“Dr. Donald M. Berwick, the new chief of Medicare and Medicaid, survived his first confrontation with Republican lawmakers on Wednesday, brushing aside criticism of the new health care law and denouncing efforts to repeal it.”

“The Patient Protection and Affordable Care Act (PPACA) will place unprecedented fiscal pressure on states, several of which are already suffering from multibillion-dollar budget deficits. Although many of the law’s most costly requirements will not take effect until 2014, some states are bracing for billions in new spending, while others have already started to take costly steps toward implementing the new law.”

The state of Texas is considering ending their Medicaid program entirely rather than dealing with new Medicaid costs from ObamaCare. The law’s “maintenance of effort” provisions prevent Texas from modifying eligibility requirements or implementing most other cost-saving measures. This could require new federal spending to offset the reduction.

“While hospital leaders admit the economy sparked this problem, it says the Obama Health Care Reform Act gave the hospital a one-two punch. While more people may soon get more health coverage, Obama’s plan cuts reimbursement dollars for hospitals at a time administrators say they could use them most.”

“The new health care law specifically targets reimbursement for new drugs and devices as a way to save money in programs like Medicare and Medicaid. These savings, in turn, are used to pay for new health coverage for the uninsured. But the legislation doesn’t take down drug and medical device prices directly. Rather, it creates a series of new agencies, boards, and authorities that separately will be empowered to construct new rules to impact how medical products are priced, as well as to restrict their use by defining when and if products are covered by insurance.”

“As the details of this massive government-led health care overhaul begin to trickle out, let me be clear (to borrow the president’s go-to phrase): The medical system is about to be overwhelmed because there are no disincentives for overuse.”

“In his ruling, Vinson criticized Democrats for seeking to have it both ways when it comes to defending the mandate to buy insurance. During the legislative debate, Republicans chastised the proposal as a new tax on the middle class. Obama defended the payment as a penalty and not a tax, but the Justice Department has argued that legally, it’s a tax.”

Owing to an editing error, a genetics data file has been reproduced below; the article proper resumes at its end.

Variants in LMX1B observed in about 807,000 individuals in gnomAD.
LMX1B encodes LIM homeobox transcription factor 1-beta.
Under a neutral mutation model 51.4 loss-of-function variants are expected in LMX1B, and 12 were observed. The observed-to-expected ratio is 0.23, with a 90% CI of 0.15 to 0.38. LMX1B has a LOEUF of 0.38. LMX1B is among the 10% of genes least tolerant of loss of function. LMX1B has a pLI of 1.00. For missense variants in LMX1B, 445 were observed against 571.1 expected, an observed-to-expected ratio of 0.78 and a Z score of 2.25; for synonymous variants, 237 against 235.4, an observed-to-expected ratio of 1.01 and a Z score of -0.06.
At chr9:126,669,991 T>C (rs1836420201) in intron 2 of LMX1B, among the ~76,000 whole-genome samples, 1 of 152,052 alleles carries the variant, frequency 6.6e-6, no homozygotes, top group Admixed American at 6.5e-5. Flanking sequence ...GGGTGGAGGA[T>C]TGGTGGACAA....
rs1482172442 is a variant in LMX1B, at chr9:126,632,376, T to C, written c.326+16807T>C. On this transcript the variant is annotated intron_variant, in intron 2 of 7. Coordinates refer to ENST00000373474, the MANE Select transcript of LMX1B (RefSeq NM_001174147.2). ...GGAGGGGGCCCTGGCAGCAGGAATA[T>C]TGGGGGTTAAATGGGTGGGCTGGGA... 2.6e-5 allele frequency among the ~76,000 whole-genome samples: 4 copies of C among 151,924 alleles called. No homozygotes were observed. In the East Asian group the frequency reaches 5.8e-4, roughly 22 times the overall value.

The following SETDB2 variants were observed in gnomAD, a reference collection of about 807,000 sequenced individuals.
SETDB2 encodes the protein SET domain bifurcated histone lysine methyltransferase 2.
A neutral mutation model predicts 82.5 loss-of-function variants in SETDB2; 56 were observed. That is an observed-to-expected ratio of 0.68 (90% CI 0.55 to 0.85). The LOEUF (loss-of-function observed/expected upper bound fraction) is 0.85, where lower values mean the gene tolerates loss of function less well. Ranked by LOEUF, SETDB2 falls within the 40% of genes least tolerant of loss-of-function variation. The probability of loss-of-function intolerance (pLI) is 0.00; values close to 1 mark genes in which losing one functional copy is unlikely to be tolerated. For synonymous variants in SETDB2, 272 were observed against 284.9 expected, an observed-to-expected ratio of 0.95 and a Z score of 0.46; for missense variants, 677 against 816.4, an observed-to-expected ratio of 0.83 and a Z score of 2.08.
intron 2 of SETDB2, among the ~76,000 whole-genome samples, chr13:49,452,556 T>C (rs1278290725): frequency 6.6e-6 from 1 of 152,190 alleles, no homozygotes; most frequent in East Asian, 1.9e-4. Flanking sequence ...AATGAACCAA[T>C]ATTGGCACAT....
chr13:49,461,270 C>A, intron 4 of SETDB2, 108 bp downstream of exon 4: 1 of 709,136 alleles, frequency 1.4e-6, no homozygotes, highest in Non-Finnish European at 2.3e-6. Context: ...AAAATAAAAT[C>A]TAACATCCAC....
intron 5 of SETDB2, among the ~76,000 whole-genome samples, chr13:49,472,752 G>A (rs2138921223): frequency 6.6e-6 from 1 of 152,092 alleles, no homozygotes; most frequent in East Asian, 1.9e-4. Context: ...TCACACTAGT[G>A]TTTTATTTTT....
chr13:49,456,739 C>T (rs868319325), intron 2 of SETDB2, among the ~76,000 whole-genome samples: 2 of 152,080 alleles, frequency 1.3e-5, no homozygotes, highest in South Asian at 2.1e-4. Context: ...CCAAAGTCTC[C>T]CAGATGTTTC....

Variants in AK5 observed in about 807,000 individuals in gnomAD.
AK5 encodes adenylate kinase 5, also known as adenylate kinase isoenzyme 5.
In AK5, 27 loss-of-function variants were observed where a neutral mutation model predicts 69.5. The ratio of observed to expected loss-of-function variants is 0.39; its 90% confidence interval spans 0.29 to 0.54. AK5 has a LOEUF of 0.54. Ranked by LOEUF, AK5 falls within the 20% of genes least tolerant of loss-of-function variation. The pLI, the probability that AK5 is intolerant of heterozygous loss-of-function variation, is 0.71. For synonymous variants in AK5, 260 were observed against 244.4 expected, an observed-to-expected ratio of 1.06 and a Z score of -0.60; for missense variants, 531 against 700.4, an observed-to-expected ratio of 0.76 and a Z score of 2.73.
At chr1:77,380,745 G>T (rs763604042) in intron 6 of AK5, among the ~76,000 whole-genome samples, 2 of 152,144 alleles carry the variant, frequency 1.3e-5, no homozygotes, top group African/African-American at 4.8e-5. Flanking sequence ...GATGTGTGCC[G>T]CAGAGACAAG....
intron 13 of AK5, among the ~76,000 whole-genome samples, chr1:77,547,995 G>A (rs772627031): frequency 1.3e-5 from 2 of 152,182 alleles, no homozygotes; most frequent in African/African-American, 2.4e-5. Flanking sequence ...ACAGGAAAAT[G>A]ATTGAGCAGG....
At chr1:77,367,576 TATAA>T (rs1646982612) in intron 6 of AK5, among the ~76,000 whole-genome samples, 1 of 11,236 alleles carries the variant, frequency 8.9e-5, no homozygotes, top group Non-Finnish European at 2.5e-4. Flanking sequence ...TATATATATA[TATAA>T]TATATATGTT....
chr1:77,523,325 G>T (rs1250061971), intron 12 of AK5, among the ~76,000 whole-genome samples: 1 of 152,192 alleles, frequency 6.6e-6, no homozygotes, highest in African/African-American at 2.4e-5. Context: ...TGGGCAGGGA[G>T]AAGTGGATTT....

“Government, at both the federal and the state levels, is no longer merely an umpire. It is not just setting rules and impartially enforcing them, government all too often is taking sides and picking winners and losers. Overall, Americans accept and expect government as a regulator, but in the world of health care, it is also a purchaser and competitor. There are countless examples in Medicare and Medicaid in which the federal government and states have re-written the rule book to favor a particular hospital or type of provider, or block competition. Special accommodations that were justified (or rationalized) in the past as ‘one-time deals’ or ‘transitional’ somehow become embedded parts of the program.”

“When a federal program is hemorrhaging taxpayer dollars and delivering poor results, policymakers should reform it. Fundamental Medicaid reform is desperately needed. Market-based principles should be introduced to re-align incentives of doctors and patients so that quality can increase and cost can decrease. Instead of addressing the many problems of Medicaid, Obamacare doubles down on the broken program and greatly adds to its rolls.”

Texas doctors will be unable to accept new Medicaid patients under scheduled reimbursement cuts. ObamaCare further squeezes these physicians with more across the board cuts, which will lead to access problems.